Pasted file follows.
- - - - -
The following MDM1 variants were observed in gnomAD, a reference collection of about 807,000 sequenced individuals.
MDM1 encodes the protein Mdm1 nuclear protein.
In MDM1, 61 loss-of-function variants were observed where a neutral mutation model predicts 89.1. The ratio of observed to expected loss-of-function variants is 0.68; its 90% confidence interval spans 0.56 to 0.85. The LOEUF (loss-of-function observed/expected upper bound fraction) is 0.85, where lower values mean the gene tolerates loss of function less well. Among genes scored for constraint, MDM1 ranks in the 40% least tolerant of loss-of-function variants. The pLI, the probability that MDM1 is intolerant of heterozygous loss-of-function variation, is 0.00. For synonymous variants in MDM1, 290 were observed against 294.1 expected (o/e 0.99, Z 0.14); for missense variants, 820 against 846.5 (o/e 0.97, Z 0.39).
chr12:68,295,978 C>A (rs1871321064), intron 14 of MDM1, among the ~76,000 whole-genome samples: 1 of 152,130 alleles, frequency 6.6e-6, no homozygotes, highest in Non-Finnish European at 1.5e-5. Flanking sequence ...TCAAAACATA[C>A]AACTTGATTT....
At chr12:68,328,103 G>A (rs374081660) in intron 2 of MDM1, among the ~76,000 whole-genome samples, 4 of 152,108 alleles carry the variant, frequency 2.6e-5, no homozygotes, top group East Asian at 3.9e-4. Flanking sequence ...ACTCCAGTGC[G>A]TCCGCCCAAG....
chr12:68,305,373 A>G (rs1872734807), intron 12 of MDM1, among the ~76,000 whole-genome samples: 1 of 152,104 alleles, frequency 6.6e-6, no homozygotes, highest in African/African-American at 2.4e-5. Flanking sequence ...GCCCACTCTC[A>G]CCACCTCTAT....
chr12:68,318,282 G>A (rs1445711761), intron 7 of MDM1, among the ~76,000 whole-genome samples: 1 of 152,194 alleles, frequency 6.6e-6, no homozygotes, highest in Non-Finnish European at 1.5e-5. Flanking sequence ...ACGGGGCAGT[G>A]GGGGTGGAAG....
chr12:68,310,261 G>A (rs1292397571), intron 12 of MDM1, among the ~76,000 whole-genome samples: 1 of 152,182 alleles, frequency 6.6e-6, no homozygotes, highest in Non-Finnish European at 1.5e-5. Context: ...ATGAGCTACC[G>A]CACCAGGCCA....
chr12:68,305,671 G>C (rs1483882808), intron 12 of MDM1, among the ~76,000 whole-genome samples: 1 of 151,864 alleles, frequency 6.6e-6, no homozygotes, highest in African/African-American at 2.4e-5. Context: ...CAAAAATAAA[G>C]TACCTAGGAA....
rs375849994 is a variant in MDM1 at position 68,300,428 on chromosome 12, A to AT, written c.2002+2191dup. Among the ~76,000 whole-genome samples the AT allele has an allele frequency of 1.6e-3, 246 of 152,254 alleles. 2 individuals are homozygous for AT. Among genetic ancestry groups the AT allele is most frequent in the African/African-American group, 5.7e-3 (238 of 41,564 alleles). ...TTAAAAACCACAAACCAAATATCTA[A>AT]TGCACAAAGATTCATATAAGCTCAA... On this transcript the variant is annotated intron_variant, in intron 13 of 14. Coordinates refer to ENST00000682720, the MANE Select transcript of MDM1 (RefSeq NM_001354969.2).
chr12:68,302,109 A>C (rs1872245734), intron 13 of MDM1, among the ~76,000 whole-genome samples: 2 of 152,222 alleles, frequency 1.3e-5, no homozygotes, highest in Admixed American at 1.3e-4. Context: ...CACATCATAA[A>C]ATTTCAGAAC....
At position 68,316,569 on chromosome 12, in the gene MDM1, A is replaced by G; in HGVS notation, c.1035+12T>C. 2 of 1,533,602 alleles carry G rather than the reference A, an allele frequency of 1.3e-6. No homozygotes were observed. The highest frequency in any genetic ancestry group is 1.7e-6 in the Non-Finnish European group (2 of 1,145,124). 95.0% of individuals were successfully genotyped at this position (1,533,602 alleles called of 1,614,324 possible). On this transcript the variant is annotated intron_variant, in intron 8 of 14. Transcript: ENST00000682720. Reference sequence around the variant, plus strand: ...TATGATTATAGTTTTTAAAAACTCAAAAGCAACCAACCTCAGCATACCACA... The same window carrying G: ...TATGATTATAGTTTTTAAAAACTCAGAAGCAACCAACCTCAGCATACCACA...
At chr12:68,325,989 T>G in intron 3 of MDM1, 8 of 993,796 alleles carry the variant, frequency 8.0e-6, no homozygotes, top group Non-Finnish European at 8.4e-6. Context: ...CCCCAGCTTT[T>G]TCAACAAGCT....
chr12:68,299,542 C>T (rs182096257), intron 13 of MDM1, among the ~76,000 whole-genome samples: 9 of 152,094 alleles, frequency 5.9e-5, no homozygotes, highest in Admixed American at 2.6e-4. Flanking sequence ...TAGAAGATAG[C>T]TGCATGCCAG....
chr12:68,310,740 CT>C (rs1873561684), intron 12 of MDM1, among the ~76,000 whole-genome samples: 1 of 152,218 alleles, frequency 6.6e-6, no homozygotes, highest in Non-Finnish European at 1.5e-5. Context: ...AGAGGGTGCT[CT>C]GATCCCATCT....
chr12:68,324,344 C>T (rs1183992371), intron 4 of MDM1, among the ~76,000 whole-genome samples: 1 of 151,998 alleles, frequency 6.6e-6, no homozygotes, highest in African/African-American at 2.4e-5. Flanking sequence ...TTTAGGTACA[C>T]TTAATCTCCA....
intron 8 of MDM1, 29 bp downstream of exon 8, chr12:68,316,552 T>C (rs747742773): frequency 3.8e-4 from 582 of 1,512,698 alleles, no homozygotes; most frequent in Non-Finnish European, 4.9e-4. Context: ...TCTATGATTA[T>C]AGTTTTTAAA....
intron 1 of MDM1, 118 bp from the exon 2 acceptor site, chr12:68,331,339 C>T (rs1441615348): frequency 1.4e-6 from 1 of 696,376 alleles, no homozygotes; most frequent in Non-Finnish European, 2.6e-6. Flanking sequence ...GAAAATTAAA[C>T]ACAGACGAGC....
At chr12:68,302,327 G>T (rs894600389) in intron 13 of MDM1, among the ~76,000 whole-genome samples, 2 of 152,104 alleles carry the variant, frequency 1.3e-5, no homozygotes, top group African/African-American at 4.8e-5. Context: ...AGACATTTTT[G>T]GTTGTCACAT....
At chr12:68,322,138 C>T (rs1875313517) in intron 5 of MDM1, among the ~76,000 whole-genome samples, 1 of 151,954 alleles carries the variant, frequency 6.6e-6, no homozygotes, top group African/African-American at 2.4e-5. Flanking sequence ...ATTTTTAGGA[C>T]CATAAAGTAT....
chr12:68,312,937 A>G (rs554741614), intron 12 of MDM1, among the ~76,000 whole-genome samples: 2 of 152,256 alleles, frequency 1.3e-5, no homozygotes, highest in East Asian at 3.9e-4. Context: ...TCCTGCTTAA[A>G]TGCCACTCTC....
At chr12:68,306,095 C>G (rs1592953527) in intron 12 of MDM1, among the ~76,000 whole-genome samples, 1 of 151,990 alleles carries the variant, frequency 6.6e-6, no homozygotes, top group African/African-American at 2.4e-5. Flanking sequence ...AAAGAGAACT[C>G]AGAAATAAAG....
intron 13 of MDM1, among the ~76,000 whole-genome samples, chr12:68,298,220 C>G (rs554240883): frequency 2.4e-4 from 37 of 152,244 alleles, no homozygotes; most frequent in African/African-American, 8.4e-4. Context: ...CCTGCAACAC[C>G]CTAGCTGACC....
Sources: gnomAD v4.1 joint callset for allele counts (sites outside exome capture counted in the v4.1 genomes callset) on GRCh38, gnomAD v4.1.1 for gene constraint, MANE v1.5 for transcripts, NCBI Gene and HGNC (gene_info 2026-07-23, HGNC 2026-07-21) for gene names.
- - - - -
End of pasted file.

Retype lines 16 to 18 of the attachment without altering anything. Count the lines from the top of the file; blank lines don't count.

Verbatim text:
chr12:68,324,344 C>T (rs1183992371), intron 4 of MDM1, among the ~76,000 whole-genome samples: 1 of 151,998 alleles, frequency 6.6e-6, no homozygotes, highest in African/African-American at 2.4e-5. Flanking sequence ...TTTAGGTACA[C>T]TTAATCTCCA....
intron 8 of MDM1, 29 bp downstream of exon 8, chr12:68,316,552 T>C (rs747742773): frequency 3.8e-4 from 582 of 1,512,698 alleles, no homozygotes; most frequent in Non-Finnish European, 4.9e-4. Context: ...TCTATGATTA[T>C]AGTTTTTAAA....
intron 1 of MDM1, 118 bp from the exon 2 acceptor site, chr12:68,331,339 C>T (rs1441615348): frequency 1.4e-6 from 1 of 696,376 alleles, no homozygotes; most frequent in Non-Finnish European, 2.6e-6. Flanking sequence ...GAAAATTAAA[C>T]ACAGACGAGC....